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You’ll Be Amused To Find Out What Is The Secret Weapon For Optimal Health!
Have you ever noticed that during the long, cold winter months your mood changes? Week after week of grey, overcast skies leads to lower energy and even feelings of sadness and apathy. There’s a reason for that: our bodies crave sunlight for health. We are evolved to absorb sunlight for a variety of health reasons, and when we do not get enough, our bodies simply don’t function properly.
So many people in the modern, industrialized world spend all their waking hours indoors- watching TV, shopping, or sitting in climate-controlled offices. Regardless of what they are occupying their time with, the effect is the same: insufficient sunlight. You cannot get the amount you need in the 10 seconds it takes you to walk from your front door to the car. In this article, we will explore benefits of sunlight to see why it is so important for maintaining good health, find out the lesser known pros of the sun exposure, and tell you how you can use this information to turn your baseline levels of energy and vibrancy in the right direction.
How Sunlight Affects Your Health
Sunlight gives you vitamin D, and this is the cornerstone of most of the health benefits associated with sunlight exposure. Vitamin D is a somewhat misleading name, as it is technically speaking a hormone which is naturally synthesized (produced) by your body when sunlight hits your skin. Vitamin D plays a role in maintaining overall health and wellbeing, and in the regulation of some 2,000 different genes in the human genome.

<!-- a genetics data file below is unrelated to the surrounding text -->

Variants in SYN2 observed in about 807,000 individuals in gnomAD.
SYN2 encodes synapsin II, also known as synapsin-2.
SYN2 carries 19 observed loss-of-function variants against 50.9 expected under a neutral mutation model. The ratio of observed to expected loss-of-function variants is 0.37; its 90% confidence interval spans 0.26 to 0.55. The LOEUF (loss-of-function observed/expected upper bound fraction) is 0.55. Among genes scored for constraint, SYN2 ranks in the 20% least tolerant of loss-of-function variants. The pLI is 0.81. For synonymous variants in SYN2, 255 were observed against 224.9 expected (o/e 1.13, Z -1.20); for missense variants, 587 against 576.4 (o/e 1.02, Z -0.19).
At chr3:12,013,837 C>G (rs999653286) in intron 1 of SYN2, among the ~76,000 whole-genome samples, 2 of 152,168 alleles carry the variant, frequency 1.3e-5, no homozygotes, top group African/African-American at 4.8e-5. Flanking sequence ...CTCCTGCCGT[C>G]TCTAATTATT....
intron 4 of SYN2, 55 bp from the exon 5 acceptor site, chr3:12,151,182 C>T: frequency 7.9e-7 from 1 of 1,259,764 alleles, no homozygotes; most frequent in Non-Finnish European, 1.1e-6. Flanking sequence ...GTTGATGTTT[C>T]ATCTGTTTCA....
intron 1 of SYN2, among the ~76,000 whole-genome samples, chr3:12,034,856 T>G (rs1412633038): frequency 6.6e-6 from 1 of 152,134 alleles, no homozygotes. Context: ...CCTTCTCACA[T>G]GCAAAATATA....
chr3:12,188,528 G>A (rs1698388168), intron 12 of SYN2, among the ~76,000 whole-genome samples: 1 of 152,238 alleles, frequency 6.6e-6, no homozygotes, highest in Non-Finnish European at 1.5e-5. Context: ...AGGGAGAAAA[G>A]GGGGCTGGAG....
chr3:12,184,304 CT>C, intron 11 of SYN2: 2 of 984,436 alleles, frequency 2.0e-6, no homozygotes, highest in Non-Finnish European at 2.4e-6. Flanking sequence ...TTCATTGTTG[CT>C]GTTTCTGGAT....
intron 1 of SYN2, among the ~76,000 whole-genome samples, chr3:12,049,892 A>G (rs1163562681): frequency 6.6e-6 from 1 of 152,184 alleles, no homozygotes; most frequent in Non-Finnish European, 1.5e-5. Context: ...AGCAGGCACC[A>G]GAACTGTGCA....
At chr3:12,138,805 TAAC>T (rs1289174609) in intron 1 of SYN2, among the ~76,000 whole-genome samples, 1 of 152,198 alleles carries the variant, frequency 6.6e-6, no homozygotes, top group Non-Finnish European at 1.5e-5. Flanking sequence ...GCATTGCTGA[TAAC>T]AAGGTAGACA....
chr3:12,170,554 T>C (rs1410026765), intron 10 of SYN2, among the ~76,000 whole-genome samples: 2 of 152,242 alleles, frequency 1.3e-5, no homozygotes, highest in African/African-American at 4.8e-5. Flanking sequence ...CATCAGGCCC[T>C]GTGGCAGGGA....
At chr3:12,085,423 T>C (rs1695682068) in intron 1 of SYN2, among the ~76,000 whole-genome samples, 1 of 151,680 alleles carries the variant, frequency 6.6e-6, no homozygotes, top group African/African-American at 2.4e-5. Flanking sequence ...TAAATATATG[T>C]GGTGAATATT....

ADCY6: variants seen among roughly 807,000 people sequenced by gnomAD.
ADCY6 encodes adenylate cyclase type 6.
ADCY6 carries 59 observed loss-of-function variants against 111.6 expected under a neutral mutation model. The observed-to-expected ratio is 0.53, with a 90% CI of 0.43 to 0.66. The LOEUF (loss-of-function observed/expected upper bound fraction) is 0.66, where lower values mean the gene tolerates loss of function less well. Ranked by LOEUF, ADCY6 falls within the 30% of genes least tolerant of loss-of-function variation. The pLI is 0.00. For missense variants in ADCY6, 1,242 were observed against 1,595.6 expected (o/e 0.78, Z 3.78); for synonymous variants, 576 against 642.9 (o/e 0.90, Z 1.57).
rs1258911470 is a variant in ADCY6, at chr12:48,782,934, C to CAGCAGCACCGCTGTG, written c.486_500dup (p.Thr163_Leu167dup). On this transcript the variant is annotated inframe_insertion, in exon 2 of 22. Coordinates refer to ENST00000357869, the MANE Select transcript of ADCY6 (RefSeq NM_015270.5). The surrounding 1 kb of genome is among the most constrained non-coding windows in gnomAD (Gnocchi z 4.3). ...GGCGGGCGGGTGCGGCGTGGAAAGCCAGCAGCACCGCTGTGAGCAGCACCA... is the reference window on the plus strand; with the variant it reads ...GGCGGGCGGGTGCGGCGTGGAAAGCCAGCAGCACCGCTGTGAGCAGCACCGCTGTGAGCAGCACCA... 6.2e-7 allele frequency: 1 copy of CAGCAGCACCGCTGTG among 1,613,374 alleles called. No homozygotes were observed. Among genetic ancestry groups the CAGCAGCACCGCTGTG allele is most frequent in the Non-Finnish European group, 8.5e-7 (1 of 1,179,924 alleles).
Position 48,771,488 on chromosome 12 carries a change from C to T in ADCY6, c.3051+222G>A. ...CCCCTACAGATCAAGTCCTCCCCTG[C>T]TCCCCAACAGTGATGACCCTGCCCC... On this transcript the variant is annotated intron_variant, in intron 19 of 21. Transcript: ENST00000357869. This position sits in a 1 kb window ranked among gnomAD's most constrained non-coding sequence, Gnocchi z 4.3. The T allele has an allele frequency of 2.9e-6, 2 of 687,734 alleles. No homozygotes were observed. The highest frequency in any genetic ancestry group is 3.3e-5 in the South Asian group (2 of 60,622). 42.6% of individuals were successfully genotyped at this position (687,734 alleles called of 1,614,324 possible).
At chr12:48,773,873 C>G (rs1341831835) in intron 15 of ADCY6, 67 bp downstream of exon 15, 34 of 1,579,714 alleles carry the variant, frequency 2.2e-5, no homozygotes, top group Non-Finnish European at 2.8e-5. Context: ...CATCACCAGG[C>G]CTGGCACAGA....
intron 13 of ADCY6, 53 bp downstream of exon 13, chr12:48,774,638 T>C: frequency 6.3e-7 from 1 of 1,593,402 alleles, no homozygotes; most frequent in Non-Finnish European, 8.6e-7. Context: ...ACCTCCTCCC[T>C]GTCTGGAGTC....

Not getting enough sunlight is a contributing factor in a variety of health problems and outright illnesses. These include physical conditions like high blood pressure, heart disease, osteoporosis, multiple sclerosis and more. There is also evidence suggesting the vitamin D deficiency is linked to an increased risk of various forms of cancer, including cancer in the breasts, ovaries, colon, prostate, and more.
The psychological component of not getting enough sunlight also important. Vitamin D plays a role in neurochemistry and hormone levels as well, and deficiency is linked to lack of energy and an increased risk of depression. There is even a seasonal form of depression called seasonal affective disorder (SAD) which is directly linked to the reduction of sunlight hours in winter months.
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